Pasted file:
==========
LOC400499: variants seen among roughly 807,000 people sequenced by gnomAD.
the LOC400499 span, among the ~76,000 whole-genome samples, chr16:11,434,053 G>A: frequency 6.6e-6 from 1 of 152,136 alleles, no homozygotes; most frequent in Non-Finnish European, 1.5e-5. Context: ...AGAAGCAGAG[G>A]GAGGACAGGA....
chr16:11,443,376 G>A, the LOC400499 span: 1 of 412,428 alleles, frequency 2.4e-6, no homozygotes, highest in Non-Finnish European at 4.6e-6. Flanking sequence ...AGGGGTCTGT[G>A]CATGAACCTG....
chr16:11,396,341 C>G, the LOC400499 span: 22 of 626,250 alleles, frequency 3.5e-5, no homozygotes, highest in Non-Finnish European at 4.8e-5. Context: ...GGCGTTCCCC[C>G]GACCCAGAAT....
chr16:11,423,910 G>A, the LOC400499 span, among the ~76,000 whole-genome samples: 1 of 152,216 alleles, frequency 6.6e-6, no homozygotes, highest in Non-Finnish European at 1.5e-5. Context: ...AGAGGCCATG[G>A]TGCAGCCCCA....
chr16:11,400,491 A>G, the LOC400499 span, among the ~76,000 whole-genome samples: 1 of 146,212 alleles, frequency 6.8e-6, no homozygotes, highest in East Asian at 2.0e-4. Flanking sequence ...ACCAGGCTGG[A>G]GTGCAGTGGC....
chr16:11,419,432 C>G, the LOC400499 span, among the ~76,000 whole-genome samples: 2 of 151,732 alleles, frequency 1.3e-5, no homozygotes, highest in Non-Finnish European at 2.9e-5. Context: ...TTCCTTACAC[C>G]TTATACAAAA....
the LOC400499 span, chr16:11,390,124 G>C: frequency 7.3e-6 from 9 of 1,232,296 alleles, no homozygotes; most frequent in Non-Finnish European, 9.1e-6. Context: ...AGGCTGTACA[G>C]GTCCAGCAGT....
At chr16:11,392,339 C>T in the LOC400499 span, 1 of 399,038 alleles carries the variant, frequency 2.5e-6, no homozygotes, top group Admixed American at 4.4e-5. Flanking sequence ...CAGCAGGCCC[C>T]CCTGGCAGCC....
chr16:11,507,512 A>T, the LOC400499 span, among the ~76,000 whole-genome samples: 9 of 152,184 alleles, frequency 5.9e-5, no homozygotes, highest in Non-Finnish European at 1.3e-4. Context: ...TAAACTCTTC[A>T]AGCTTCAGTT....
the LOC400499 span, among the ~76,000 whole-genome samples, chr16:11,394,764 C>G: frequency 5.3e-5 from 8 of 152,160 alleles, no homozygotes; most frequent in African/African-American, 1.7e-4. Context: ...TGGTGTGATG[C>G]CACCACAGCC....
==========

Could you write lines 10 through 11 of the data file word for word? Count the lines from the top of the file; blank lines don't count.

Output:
chr16:11,507,512 A>T, the LOC400499 span, among the ~76,000 whole-genome samples: 9 of 152,184 alleles, frequency 5.9e-5, no homozygotes, highest in Non-Finnish European at 1.3e-4. Context: ...TAAACTCTTC[A>T]AGCTTCAGTT....
the LOC400499 span, among the ~76,000 whole-genome samples, chr16:11,394,764 C>G: frequency 5.3e-5 from 8 of 152,160 alleles, no homozygotes; most frequent in African/African-American, 1.7e-4. Context: ...TGGTGTGATG[C>G]CACCACAGCC....